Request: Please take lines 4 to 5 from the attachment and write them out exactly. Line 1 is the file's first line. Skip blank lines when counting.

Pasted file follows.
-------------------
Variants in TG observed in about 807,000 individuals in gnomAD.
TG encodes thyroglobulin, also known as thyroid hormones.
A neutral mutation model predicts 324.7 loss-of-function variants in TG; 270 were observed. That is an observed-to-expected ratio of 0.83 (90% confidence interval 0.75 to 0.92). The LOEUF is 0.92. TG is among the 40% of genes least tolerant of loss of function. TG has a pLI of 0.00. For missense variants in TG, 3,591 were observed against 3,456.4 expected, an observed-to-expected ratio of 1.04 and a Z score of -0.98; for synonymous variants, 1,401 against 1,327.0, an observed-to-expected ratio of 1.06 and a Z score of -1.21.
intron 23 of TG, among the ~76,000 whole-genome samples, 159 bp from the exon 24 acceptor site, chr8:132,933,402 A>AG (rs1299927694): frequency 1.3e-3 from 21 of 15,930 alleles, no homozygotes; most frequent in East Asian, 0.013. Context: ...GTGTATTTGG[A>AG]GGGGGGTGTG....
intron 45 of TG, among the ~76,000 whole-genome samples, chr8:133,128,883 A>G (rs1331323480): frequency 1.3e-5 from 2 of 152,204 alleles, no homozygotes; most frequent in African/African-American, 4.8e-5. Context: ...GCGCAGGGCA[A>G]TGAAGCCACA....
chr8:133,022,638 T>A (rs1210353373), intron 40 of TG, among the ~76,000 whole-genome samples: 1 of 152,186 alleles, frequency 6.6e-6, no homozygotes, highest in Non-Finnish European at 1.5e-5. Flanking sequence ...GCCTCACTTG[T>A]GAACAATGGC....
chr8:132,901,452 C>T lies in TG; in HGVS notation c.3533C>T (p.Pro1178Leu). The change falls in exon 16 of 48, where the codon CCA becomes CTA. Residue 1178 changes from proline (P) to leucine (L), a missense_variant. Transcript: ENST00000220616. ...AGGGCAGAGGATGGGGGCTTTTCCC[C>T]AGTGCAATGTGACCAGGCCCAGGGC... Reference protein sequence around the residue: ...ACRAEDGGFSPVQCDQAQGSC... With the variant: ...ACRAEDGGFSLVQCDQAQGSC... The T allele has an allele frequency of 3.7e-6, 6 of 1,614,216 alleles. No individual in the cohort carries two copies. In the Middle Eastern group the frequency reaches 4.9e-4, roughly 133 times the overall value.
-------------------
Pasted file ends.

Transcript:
intron 23 of TG, among the ~76,000 whole-genome samples, 159 bp from the exon 24 acceptor site, chr8:132,933,402 A>AG (rs1299927694): frequency 1.3e-3 from 21 of 15,930 alleles, no homozygotes; most frequent in East Asian, 0.013. Context: ...GTGTATTTGG[A>AG]GGGGGGTGTG....
intron 45 of TG, among the ~76,000 whole-genome samples, chr8:133,128,883 A>G (rs1331323480): frequency 1.3e-5 from 2 of 152,204 alleles, no homozygotes; most frequent in African/African-American, 4.8e-5. Context: ...GCGCAGGGCA[A>G]TGAAGCCACA....